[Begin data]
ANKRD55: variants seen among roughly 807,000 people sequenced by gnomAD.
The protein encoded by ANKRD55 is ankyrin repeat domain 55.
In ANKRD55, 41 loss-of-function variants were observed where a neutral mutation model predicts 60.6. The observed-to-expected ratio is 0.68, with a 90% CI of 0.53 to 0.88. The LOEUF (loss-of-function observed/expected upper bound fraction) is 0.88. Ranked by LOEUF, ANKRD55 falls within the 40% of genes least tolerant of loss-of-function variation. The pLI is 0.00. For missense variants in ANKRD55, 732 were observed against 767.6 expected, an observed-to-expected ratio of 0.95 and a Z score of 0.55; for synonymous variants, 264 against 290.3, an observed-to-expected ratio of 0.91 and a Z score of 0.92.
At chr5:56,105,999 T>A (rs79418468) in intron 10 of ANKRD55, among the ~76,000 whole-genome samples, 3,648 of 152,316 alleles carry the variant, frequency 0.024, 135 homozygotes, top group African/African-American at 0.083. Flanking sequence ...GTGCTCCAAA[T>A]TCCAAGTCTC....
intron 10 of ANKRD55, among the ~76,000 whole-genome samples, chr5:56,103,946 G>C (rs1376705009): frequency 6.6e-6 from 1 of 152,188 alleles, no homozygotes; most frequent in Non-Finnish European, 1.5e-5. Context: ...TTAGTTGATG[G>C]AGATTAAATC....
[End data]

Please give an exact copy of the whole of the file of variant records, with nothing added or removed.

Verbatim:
ANKRD55: variants seen among roughly 807,000 people sequenced by gnomAD.
The protein encoded by ANKRD55 is ankyrin repeat domain 55.
In ANKRD55, 41 loss-of-function variants were observed where a neutral mutation model predicts 60.6. The observed-to-expected ratio is 0.68, with a 90% CI of 0.53 to 0.88. The LOEUF (loss-of-function observed/expected upper bound fraction) is 0.88. Ranked by LOEUF, ANKRD55 falls within the 40% of genes least tolerant of loss-of-function variation. The pLI is 0.00. For missense variants in ANKRD55, 732 were observed against 767.6 expected, an observed-to-expected ratio of 0.95 and a Z score of 0.55; for synonymous variants, 264 against 290.3, an observed-to-expected ratio of 0.91 and a Z score of 0.92.
At chr5:56,105,999 T>A (rs79418468) in intron 10 of ANKRD55, among the ~76,000 whole-genome samples, 3,648 of 152,316 alleles carry the variant, frequency 0.024, 135 homozygotes, top group African/African-American at 0.083. Flanking sequence ...GTGCTCCAAA[T>A]TCCAAGTCTC....
intron 10 of ANKRD55, among the ~76,000 whole-genome samples, chr5:56,103,946 G>C (rs1376705009): frequency 6.6e-6 from 1 of 152,188 alleles, no homozygotes; most frequent in Non-Finnish European, 1.5e-5. Context: ...TTAGTTGATG[G>C]AGATTAAATC....